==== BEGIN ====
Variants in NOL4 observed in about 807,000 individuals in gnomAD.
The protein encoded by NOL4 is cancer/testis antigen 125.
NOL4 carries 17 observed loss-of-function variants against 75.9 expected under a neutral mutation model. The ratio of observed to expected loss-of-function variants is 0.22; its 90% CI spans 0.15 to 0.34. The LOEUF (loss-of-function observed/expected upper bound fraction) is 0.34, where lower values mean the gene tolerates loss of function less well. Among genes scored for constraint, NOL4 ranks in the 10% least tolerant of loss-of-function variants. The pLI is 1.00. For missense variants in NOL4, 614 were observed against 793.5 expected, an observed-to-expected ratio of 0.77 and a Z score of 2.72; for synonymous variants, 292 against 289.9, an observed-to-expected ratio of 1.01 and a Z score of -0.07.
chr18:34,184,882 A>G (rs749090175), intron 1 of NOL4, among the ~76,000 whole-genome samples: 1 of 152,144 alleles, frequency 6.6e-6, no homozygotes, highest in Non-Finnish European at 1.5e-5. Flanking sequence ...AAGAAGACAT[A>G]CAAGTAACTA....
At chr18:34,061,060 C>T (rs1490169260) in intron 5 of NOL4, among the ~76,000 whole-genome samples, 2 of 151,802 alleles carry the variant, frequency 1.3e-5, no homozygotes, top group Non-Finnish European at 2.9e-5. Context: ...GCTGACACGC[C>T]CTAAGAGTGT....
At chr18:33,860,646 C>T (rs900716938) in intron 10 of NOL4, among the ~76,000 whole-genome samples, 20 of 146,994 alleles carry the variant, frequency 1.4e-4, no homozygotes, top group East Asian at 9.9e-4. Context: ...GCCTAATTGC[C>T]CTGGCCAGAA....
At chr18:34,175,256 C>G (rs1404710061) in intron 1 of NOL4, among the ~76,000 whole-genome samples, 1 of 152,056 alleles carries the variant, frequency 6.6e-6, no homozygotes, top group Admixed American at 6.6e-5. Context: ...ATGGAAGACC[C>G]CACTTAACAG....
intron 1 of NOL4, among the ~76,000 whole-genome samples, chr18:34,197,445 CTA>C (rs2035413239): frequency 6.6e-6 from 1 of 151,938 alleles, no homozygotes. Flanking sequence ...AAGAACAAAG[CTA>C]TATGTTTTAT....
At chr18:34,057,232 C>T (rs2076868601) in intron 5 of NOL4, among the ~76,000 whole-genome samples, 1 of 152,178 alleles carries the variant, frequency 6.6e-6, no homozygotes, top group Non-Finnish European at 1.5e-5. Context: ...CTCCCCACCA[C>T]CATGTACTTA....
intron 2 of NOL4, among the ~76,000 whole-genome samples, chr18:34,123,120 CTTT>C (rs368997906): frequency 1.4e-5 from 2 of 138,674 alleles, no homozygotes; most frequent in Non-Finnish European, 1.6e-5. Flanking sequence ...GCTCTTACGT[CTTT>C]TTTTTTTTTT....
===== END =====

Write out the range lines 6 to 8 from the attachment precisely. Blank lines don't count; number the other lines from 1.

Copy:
At chr18:33,860,646 C>T (rs900716938) in intron 10 of NOL4, among the ~76,000 whole-genome samples, 20 of 146,994 alleles carry the variant, frequency 1.4e-4, no homozygotes, top group East Asian at 9.9e-4. Context: ...GCCTAATTGC[C>T]CTGGCCAGAA....
At chr18:34,175,256 C>G (rs1404710061) in intron 1 of NOL4, among the ~76,000 whole-genome samples, 1 of 152,056 alleles carries the variant, frequency 6.6e-6, no homozygotes, top group Admixed American at 6.6e-5. Context: ...ATGGAAGACC[C>G]CACTTAACAG....
intron 1 of NOL4, among the ~76,000 whole-genome samples, chr18:34,197,445 CTA>C (rs2035413239): frequency 6.6e-6 from 1 of 151,938 alleles, no homozygotes. Flanking sequence ...AAGAACAAAG[CTA>C]TATGTTTTAT....